As we watch 25 million American children step onto a big yellow bus every morning, most of us assume someone is doing all that needs to be done to ensure they will arrive at school safely. We assume that our drivers have all the tools and training they need to deliver those children with care, and that our government is enforcing all of the right safety regulations to make this happen.
Far too often we are not meeting this most basic obligation. Yet it would take just a few straightforward changes to get school bus safety to where it needs to go.
Let’s start with stronger federal rules on bus overcrowding.
Some school bus drivers are required to transport more students than their buses can reasonably carry. Students on these buses are either packed into their seats, or left standing in aisles. Instead of accepting this needless threat to student safety, we must insist that the federal government establish standards to limit school bus capacity.
This overcrowding then plays into another problem facing our drivers. While operating these crowded buses, drivers also must frequently deal with behavioral problems, a challenge compounded by the fact that most drivers are not given the training they need to prevent or diffuse problematic behavior. Drivers need access to this training, and they need the support of the school district whenever they attempt to deal with these situations.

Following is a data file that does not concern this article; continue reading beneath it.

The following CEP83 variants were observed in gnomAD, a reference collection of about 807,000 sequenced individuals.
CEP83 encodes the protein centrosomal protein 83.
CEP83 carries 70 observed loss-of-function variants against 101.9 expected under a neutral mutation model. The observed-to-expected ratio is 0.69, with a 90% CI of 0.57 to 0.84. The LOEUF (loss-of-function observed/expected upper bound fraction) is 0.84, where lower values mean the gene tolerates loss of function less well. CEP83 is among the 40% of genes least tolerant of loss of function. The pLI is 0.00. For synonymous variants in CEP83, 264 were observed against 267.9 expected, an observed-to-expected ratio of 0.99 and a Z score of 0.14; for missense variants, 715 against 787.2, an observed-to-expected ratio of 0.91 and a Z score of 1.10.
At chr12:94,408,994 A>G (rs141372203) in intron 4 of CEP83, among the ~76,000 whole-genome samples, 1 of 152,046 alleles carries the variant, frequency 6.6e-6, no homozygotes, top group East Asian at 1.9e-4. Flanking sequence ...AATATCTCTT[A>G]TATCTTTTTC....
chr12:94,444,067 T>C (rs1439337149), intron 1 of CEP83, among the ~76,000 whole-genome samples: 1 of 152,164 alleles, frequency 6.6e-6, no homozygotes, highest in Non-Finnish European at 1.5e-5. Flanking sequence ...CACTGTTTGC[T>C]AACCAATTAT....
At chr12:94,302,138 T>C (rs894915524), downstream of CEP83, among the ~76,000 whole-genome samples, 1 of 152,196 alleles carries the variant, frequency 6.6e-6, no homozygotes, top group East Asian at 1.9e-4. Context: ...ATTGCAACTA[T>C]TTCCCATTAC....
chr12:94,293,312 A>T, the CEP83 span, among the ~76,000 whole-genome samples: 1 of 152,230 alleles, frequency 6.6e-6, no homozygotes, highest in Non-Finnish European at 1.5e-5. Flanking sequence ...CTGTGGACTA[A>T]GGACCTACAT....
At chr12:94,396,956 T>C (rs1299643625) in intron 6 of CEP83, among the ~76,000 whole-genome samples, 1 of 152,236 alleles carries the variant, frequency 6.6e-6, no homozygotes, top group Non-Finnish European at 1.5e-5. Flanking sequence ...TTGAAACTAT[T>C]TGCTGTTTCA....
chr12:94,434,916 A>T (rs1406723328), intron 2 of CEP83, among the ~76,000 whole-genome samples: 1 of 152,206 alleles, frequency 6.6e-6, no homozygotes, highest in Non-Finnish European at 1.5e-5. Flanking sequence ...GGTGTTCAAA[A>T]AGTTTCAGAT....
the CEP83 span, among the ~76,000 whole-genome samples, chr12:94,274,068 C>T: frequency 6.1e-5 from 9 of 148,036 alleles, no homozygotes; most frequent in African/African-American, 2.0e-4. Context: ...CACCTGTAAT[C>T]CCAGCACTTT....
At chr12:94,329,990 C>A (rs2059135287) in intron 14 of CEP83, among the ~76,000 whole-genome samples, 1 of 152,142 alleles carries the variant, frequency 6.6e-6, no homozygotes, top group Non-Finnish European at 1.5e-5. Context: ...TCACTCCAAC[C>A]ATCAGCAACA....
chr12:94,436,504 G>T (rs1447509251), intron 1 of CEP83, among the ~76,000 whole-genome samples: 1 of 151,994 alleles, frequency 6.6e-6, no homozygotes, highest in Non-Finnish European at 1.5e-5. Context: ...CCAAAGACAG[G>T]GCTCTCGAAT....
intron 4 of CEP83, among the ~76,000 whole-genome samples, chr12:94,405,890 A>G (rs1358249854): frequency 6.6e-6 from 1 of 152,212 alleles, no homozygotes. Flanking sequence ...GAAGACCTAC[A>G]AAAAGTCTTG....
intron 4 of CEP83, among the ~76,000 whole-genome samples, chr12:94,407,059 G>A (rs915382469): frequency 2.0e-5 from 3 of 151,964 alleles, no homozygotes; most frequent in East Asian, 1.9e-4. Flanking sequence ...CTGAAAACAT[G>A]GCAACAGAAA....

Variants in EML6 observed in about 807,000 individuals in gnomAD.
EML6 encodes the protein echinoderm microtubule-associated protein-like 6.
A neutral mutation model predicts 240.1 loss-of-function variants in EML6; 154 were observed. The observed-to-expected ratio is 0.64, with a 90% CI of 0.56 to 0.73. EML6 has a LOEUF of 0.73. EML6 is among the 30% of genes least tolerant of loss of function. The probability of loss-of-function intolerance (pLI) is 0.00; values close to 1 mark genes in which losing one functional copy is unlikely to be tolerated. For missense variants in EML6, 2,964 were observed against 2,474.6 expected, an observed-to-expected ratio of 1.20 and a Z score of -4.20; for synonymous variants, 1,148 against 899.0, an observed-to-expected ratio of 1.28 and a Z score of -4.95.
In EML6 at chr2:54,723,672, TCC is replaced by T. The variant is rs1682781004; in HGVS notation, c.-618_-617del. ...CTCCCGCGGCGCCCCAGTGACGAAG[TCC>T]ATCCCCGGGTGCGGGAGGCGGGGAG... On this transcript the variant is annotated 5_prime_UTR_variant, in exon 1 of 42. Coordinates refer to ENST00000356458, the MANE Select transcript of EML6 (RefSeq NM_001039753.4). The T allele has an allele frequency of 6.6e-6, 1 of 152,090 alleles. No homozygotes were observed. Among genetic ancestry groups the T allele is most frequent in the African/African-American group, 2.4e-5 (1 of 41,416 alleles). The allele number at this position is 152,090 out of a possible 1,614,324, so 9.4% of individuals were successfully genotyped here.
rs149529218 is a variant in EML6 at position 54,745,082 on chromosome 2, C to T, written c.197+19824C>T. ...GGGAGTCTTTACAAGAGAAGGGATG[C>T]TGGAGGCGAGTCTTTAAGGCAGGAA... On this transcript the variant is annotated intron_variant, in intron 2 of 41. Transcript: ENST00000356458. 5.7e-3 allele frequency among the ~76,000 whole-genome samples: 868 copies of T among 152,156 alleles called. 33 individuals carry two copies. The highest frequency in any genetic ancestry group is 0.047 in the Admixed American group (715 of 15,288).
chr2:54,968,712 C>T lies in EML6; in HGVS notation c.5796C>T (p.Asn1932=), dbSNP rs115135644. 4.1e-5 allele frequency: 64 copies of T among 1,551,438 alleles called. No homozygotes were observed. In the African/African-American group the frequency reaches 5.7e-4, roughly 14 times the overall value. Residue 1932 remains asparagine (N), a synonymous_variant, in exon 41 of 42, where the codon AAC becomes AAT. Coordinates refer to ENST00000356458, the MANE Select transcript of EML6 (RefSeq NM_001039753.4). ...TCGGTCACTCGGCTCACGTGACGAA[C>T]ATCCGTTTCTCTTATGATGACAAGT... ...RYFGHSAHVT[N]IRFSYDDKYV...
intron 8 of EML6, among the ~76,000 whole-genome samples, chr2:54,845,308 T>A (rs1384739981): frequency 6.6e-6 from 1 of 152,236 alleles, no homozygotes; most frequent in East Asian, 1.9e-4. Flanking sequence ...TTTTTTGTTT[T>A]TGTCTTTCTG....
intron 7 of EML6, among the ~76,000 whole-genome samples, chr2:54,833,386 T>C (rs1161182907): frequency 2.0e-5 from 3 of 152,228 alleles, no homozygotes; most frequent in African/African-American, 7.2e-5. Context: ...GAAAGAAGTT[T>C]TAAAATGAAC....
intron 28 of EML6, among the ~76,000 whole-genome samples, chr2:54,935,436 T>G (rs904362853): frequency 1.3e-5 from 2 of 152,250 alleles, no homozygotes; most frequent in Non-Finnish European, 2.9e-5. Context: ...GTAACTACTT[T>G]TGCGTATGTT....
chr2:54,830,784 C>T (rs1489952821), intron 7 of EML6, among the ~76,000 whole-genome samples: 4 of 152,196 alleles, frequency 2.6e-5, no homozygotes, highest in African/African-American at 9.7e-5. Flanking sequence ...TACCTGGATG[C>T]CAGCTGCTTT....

As if this weren’t enough, we also have private for-profit companies that bid for these contracts, offering alleged savings by undercutting the wages and benefits of the men and women we ask to safely transport our kids. We must keep a sharper eye on those who would game the system and hold them accountable.
School bus drivers face a tall list of requirements before getting behind the wheel. Let’s ensure that any new regulations treat drivers fairly by taking into consideration the unique nature of their jobs.
It is time to demand higher safety standards for school buses and better treatment of drivers, for the sake of our children and our communities.